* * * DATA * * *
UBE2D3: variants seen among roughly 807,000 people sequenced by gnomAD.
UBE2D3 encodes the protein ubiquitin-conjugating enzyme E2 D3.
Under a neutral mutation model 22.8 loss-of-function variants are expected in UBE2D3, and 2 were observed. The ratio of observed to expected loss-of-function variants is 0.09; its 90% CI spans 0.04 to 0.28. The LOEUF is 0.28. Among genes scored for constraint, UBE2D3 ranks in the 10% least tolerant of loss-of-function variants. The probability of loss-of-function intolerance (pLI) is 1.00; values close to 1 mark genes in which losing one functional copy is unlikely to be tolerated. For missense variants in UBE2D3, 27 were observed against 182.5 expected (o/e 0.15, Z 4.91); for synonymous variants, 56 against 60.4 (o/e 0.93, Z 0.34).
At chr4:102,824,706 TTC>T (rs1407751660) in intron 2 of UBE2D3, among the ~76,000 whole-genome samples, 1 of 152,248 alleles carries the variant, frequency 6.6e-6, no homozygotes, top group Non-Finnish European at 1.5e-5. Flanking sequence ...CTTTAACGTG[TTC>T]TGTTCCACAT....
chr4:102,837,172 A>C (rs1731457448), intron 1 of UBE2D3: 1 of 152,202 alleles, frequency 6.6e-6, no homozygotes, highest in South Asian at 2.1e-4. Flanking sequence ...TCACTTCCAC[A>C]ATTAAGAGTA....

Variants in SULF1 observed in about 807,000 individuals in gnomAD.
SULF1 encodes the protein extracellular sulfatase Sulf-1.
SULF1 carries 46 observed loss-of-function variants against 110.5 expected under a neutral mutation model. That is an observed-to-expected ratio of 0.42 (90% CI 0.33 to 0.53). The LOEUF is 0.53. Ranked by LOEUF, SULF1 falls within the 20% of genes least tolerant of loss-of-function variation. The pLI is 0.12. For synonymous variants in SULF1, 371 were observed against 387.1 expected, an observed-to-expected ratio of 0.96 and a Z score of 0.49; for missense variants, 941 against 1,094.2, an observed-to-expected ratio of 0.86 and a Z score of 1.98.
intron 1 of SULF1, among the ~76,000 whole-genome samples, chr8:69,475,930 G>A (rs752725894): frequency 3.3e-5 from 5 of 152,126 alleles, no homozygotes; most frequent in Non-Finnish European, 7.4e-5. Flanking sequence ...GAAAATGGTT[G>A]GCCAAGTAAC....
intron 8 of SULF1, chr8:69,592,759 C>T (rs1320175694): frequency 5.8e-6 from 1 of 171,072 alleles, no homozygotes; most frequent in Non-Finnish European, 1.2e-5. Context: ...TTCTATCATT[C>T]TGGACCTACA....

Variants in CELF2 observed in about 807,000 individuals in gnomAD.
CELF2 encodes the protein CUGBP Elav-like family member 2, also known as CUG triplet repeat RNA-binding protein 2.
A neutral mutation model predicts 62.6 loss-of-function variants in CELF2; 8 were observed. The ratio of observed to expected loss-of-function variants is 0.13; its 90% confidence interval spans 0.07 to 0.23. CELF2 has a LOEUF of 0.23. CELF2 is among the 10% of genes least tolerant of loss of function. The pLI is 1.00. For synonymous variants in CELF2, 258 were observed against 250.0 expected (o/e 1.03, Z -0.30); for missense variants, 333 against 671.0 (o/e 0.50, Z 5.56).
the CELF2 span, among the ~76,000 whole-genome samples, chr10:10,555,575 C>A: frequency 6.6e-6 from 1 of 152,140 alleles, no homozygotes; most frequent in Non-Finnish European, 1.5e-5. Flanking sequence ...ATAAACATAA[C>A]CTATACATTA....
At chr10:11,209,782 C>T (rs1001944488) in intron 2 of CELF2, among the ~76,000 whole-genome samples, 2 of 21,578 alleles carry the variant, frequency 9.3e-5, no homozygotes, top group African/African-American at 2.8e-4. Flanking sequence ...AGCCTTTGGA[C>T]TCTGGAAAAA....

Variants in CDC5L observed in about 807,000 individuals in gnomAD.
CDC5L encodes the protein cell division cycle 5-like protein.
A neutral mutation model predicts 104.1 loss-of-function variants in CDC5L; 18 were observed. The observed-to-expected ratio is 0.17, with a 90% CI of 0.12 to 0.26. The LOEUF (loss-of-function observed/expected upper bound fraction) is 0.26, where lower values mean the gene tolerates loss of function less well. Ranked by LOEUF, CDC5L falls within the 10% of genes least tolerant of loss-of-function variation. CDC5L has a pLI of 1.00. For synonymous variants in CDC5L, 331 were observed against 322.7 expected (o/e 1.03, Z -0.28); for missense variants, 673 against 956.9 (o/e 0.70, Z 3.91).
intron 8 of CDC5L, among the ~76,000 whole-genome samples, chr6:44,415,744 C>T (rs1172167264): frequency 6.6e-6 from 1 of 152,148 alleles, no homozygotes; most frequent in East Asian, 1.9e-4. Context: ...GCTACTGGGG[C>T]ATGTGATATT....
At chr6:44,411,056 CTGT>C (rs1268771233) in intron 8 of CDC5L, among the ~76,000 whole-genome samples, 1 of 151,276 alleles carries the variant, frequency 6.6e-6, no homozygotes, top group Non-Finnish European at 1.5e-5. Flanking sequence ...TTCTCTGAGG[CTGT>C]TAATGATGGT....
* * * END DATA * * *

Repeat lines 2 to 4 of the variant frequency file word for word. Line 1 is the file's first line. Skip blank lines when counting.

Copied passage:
UBE2D3 encodes the protein ubiquitin-conjugating enzyme E2 D3.
Under a neutral mutation model 22.8 loss-of-function variants are expected in UBE2D3, and 2 were observed. The ratio of observed to expected loss-of-function variants is 0.09; its 90% CI spans 0.04 to 0.28. The LOEUF is 0.28. Among genes scored for constraint, UBE2D3 ranks in the 10% least tolerant of loss-of-function variants. The probability of loss-of-function intolerance (pLI) is 1.00; values close to 1 mark genes in which losing one functional copy is unlikely to be tolerated. For missense variants in UBE2D3, 27 were observed against 182.5 expected (o/e 0.15, Z 4.91); for synonymous variants, 56 against 60.4 (o/e 0.93, Z 0.34).
At chr4:102,824,706 TTC>T (rs1407751660) in intron 2 of UBE2D3, among the ~76,000 whole-genome samples, 1 of 152,248 alleles carries the variant, frequency 6.6e-6, no homozygotes, top group Non-Finnish European at 1.5e-5. Flanking sequence ...CTTTAACGTG[TTC>T]TGTTCCACAT....